The term "sealed hardwood floors" often comes up in reference to cleaning products or techniques for hardwood flooring. You also find the phrase used in instructions for steam mops, which, by the way, should never be used on wood flooring of any type. The primary issue with sealing hardwood floors is that while you can seal the top surface of the wood, you can't reliably seal the seams or joints between the floor boards or planks. That limitation makes all wood flooring vulnerable to moisture damage.
In addition to the Achilles' heel of hardwood joints, some wood floor finishes are much less moisture-resistant than others. For example, a modern polyurethane finish does a far better job at sealing the wood surface than a traditional oil-and-wax finish. But the bottom line is, there's no such thing as a sealed hardwood floor that is actually waterproof, no matter how good its surface finish is. This means that you must be careful to minimize moisture when cleaning and caring for your hardwood floor.
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Types of Hardwood Floor Sealant
Because wood is a fibrous, organic material, hardwood floors must be sealed to protect the wood from moisture, stains, scratches and everyday wear and tear. Most wood flooring receives a stain before it is sealed with a protective finish. Stain merely provides color; it does not count as a sealer.
As described by the National Wood Flooring Association, there are two categories of hardwood finish: surface finishes and penetrating finishes. Surface finishes create a plastic-like layer on top of the wood and do a good job of sealing out moisture. The most common surface finish is polyurethane, including standard formulas that are applied on site and aluminum oxide formulations that are used on prefinished hardwood flooring. More traditional (and less durable) types of surfaces finishes include shellac and lacquer.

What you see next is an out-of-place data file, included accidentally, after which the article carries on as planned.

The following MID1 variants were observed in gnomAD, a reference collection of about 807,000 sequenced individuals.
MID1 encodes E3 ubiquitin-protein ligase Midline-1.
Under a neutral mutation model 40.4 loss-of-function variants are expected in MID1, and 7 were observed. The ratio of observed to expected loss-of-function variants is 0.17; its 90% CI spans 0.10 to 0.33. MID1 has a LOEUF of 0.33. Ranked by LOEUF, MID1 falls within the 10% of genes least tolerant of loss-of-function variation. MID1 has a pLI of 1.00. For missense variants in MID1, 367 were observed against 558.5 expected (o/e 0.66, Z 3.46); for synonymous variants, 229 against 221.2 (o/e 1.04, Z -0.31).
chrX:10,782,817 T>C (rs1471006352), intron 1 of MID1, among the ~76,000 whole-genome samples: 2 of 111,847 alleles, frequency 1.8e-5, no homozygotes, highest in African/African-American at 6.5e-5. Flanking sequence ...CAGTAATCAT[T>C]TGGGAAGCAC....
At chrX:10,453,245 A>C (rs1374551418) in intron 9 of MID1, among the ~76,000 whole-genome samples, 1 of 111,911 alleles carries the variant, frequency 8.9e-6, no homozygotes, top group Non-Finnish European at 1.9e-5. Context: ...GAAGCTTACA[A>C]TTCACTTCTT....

Penetrating finishes soak into the wood, retaining much of the natural grain and texture of the wood surface. This also leaves the flooring more vulnerable to moisture and stains. As a result, most wood floors with a penetrating finish receive a top coating of wax for added protection. Wax is only moderately moisture-resistant and must be reapplied periodically to maintain a decent level of protection. Common penetrating finishes include tung oil, linseed oil and hard-wax oil finishes.
How to Clean Hardwood Flooring Safely
No matter what type of sealer or finish your hardwood has, the basic cleaning rules are the same. Above all, avoid excess moisture when cleaning, and always wipe up liquid spills and pooled water immediately. There's no need wet-mop or steam clean a wood floor, and both of these methods can damage the wood.
The most important cleaning objective is to keep the floor free of dirt and grit, which scratches and dulls the finish as the floor is walked on. Sweeping or vacuuming regularly is the best way to keep a finish in good shape over the years. It's ideal to sweep or vacuum daily, or at least every few days. Vacuum with a hard flooring attachment on a canister vacuum or a use the hard flooring setting (with no beater bar motion) on an upright vacuum.
If the floor needs deeper cleaning, use a towel or cloth or a sponge or microfiber mop (don't use a string mop, which retains too much water) slightly dampened with warm water. Move the mop parallel to the floor boards, and rinse frequently, making sure to wring out the mop thoroughly each time. Finally, dry the floor with a towel to remove any residual moisture.
Hardwood Flooring Cleaners
Cleaning products are seldom needed for hardwood flooring, primarily because you don't find hardwood in bathrooms and other areas that need periodic sanitizing. If you do want to use a cleaning agent, select a product designed for hardwood floors and the type of floor finish you have. If your flooring is new or newly refinished, contact the manufacturer or flooring installer/refinisher for recommendations.
Never use cleaners that contain ammonia, vinegar, wax, polish, or oil (including oil soap). Ammonia and vinegar can damage wood, and waxy or oily cleaners leave a residue that can make recoating a floor's finish impossible. Most cleaners that are safe for hardwood floors come in spray form rather than concentrates that are mixed with water in a bucket. In any case, use cleaners sparingly and only when necessary, such as to move stubborn stains or clean heavily soiled areas.